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Augustine's Words on Friendship - 05

St Augustine : Fresco: Augustiine
Fresco: Augustiine

24. In Christ, friendship achieves a certain permanence. Friendship is faithful in Christ, in whom alone it can become eternal, attaining happiness.
[Against the Pelagians 1.1]

25. What restored and re-created me above all was the consolation of friends, in whose company I loved what I was loving as a substitute for you.
[Confessions Bk. IV 8.11]
26. Whenever a person is without a friend, not a single thing in the world appears friendly to him.
[Letter 130:2.4]
27. There is no greater consolation than the unfeigned loyalty and mutual affection of good and true friends.
[City of God 19.8]
28. I confess that I cast myself without reservation on the love of those who are especially close to me, particularly when worn out by the upsets of the world. In their love I rest without the slightest worry, because I perceive that God is present there. In this security I am undisturbed my fear of the uncertainty of the morrow. …. For when I see that a person is aflame with Christian love and has therefore become a faithful friend to me, I know that whatever thoughts or considerations I entrust to him, I entrust not to another human being, but to God in whom that person dwells, and by whom he is who he is.
[Letter 73: 3.10]
29. When many rejoice together, there is a richer joy in each individual since they enkindle themselves and inflame one another.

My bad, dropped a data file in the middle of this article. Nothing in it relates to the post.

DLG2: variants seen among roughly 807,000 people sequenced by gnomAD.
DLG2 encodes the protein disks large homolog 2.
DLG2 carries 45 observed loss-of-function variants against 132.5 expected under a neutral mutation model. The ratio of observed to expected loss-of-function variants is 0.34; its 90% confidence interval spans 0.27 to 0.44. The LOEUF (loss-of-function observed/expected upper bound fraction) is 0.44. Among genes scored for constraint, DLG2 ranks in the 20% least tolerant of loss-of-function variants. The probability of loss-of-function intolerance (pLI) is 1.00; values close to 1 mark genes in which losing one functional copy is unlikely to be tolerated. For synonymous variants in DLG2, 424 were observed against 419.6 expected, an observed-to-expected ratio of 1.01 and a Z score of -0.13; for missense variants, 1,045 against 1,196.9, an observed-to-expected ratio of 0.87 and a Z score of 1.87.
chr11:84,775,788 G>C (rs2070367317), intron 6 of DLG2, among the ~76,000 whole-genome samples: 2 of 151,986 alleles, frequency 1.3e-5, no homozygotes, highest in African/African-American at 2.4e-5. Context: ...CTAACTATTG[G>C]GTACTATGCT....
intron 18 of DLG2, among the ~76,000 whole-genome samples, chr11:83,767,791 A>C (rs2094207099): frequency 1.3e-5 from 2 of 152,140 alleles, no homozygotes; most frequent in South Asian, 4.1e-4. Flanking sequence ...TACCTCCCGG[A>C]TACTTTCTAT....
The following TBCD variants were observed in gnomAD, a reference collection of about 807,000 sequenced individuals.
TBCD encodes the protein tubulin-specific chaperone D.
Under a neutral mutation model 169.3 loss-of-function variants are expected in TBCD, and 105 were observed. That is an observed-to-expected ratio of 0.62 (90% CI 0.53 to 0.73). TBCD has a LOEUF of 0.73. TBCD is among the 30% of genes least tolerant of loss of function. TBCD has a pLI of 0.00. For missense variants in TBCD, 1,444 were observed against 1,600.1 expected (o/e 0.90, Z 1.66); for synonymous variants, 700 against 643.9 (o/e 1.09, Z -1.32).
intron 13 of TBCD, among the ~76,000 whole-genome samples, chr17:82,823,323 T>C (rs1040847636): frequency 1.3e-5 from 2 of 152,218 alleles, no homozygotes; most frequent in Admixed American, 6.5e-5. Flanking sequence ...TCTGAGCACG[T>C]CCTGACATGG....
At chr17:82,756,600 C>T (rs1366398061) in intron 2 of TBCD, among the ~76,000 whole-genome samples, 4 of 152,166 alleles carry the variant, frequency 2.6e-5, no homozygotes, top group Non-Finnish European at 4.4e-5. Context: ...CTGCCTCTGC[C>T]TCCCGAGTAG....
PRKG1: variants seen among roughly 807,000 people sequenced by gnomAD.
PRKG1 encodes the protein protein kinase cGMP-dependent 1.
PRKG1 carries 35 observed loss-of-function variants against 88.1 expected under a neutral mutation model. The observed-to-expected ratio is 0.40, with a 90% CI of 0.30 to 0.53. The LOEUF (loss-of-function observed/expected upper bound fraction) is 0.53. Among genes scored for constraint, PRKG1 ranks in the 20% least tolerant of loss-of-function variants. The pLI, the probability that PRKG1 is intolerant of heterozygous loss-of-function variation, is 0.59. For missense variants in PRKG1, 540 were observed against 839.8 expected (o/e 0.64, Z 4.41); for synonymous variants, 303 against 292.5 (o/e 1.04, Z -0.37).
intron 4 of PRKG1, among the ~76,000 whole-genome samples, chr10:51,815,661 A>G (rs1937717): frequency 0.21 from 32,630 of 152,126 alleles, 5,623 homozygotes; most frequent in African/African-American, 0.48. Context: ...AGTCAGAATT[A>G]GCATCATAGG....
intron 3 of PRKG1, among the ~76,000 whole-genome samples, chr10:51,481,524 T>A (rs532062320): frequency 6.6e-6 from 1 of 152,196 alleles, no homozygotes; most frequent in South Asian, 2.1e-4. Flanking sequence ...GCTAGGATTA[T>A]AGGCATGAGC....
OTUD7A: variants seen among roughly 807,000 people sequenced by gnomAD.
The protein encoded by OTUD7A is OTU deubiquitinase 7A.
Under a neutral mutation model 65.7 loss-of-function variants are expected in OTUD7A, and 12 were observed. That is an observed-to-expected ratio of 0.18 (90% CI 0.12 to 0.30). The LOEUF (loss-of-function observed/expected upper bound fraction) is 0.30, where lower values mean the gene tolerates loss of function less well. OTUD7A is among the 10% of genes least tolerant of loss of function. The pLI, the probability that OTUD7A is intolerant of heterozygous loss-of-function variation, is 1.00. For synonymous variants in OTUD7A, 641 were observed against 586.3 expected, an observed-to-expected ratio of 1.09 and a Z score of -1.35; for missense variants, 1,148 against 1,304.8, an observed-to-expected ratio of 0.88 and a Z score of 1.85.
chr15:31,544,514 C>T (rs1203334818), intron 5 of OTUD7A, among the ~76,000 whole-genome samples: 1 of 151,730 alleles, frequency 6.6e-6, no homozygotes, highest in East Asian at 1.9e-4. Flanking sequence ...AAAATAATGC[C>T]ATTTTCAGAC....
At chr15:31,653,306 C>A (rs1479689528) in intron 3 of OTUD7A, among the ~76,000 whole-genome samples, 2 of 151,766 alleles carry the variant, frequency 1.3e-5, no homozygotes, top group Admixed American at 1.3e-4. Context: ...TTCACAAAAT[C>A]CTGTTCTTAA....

[Confessions Bk. VIII 4.9]
30. The first thing a baby sees are its parents, and life begins with their friendship.
[Sermon 9.7]
31. We should esteem highly health and friendship, and we may never despise these. Health and friendship are natural goods. God created the human being so that he or she could exist and live a life that is healthy. But in order that the human being should not be alone, he or she desires friendship. Now, friendship begins with wife end children, and then reaches out to strangers.
[Sermon 299D.16.1]
32. If together we hold firm to the two precepts of love, our friendship will be true and everlasting, and it will unite us not only to one another, but to the Lord Himself.
[Letter 258.4]
33.  When we are weighed down by poverty and grief makes us sad, when bodily pain makes us restless and exile despondent, or when any grievance afflicts us; if there be good people at hand who understand the art of rejoicing with the joyful and weeping with the sorrowful, who know how to speak a cheerful word and uplift us with their conversation, then we shall nearly always find the rough made smoother, the burden lightened, and our troubles overcome.
[Letter 130:2.4. Another translation of this text follows hereunder.]
34.    These good people (friends) seem to spread no small comfort about them; even in this life. For, if poverty pinches, if grief saddens, if physical pain unnerves them, if exile darkens their life, if any other misfortune fill them with foreboding, let there be good people at hand who know how to ‘rejoice with them that rejoice’, as well as to ‘weep with them that weep’ (Rom 12.15), who are skilled in helpful words and conversation, then in large measure those bitter trials are lessened, the heavy burdens are lightened, the obstacles are met and overcome. But He who makes them good by His Spirit effects this in and through them.
[Letter 130.2,4]

  Talking about the group in which he stole the pears
: What an exceedingly unfriendly form of friendship that was!
[Confessions Bk II.9.17

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